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  5. "Különböző emberek különböző …

"Különböző emberek különböző szekrényekbe másznak be."

Translation:Different people crawl into different cabinets.

August 13, 2016



When we visit Hungary, we won't be able to take care of basic needs but at least our mad ramblings will be grammatically correct. The only thing these sentences are missing is a maniacal laugh at the end. Muahahahaha.


I'm sorry, what? This is just too random.


Bedtime at the self-service mini-szállodá?

  • 2250

Capsule hotel


Everyone has its own Narnia :)


still can't buy bread in a bakery in Hungary after about 30 lessons but can tel everybody that different people crawl into different cabinets!!


Actually you have the word for bread and how to ask for beer - just substitute. "Kenyeret kérek." - or even "Azt a kenyeret kérem, amelyik abban a szekrényben van". (Or just go to a supermarket, put it in your basket and take it to the teller)

(Edited - thanks Ryagon & duolongo237910)


Correctly: "Azt a kenyeret kérem, amelyik ABBAN a szekrényben van." Or in reality: "Azt a kenyeret kérem, amelyik azon a polcon van." I agree the original comment, we do not need more flying kindergarten teachers, but we need more real, every day usable sentences.


You'd need the definite conjugation in your second example. :)


Yes I guess so if we see the people crawling into cabinets. As they are different maybe fat and thin, tall and short and the cabinets fit etc. But a language needs to be useful to be used and that is what learning a language is for. Many of these hungarian sentences are just too obscure to be used. That is a shame because the hungarian country and people are so good to get to know and you can only do that properly by learning their language. Thanks to the volunteers though


How do we know to split off the "be-" in "bemászik"?


Szekrényekbe bemásznak would be too many 'be' in one place. :)
This sentence emphasises the cabinets. If you want to keep the verb in one piece, you'll need to put it elsewhere. "Különböző emberek bemásznak különböző szekrénybe" is fine, too. Here the emphasis is on the verb itself. The prefix catches it, so to say.
Or you throw out the prefix completely. That works as well.


Is this some kind of idiom?


No. Just people climbing into wardrobes, maybe because someone's spouse has been very unfaithful. :P


It must be an idiom and why it isn’t translated that way, and with no hint of what to expect mKes me crazy. The only thing that would give us a clue that the developers are truly crazy would be if there were a flying “ovonö” or two in the cabinet as well.


Isn't a szekrény also a wardrobe?


Yes, wardrobes are "szekrény" too.


Although given that people are climbing into them, I have no idea what they are actually trying to say here.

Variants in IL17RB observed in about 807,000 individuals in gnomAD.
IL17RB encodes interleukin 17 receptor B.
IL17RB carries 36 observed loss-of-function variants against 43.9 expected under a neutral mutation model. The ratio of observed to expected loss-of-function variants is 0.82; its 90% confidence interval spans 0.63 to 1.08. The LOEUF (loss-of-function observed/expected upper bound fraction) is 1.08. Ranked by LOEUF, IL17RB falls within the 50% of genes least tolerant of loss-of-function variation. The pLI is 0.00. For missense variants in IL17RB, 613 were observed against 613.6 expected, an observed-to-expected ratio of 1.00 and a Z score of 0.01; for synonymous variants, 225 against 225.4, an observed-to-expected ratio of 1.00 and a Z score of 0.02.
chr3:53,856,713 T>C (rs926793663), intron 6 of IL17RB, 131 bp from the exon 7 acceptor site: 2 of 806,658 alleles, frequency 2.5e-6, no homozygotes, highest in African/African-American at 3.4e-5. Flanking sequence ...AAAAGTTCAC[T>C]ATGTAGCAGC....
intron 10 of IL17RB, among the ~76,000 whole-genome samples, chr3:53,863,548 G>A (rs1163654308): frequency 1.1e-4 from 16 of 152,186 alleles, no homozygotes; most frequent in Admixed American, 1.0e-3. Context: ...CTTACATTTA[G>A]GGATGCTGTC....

Is "closet" not a valid translation for szekrény? Closet, cabinet, cupboard, wardrobe... these are all the same in my language, and I had surmised Hungarian was the same.


Haukur, "closet" is also a fine translation here. English is odd in not having a common word for szekrény.


Then this question needs revising, because I got incorrect for using closet.

Sidenote, learning a foreign language through an intermediate language (English in this case) is weird, because sometimes the course spends a lot of time explaining things that are easy for me to grasp (like cases), but skips over things that aren't clear to me...


Not so much revising - as another word added. To get this to happen just click "My answer should be accepted" (usually they do not look in the discussion).


Eh, I don't know how duolingo works behind the scenes. Thanks, I will the next time I get this question.


Sometimes I will say "kitchen cabinets," otherwise it's "cupboards," in the kitchen only. Elsewhere, say, in the bathroom, they are cabinets. Wardrobe, for me, is a free standing piece of furniture in the bedroom instead of a closet.


And those people are, of course, flying kindergarten teachers.


Cabinets? Such a unusual English word. About the only time I hear it or speak it would be either when discussing politics (the Cabinet decided ... ) or in a compound like "drinks cabinet". It simply isn't used. Wardrobes or cupboards are much, much more common - and it rejected "cupboards" (reported).


Cabinet is very widely used in America, but the rest of the world definitely prefers cupboard


English is a weird language. There isn't just one common word for everything that's szekrény, so, yeah, every version needs to be added, wardrobe, cupboard, cabinet, or even locker.


We use cabinets where im from


since when do people crawl into cabinets? Can the program come up with something smarter and closer to reality?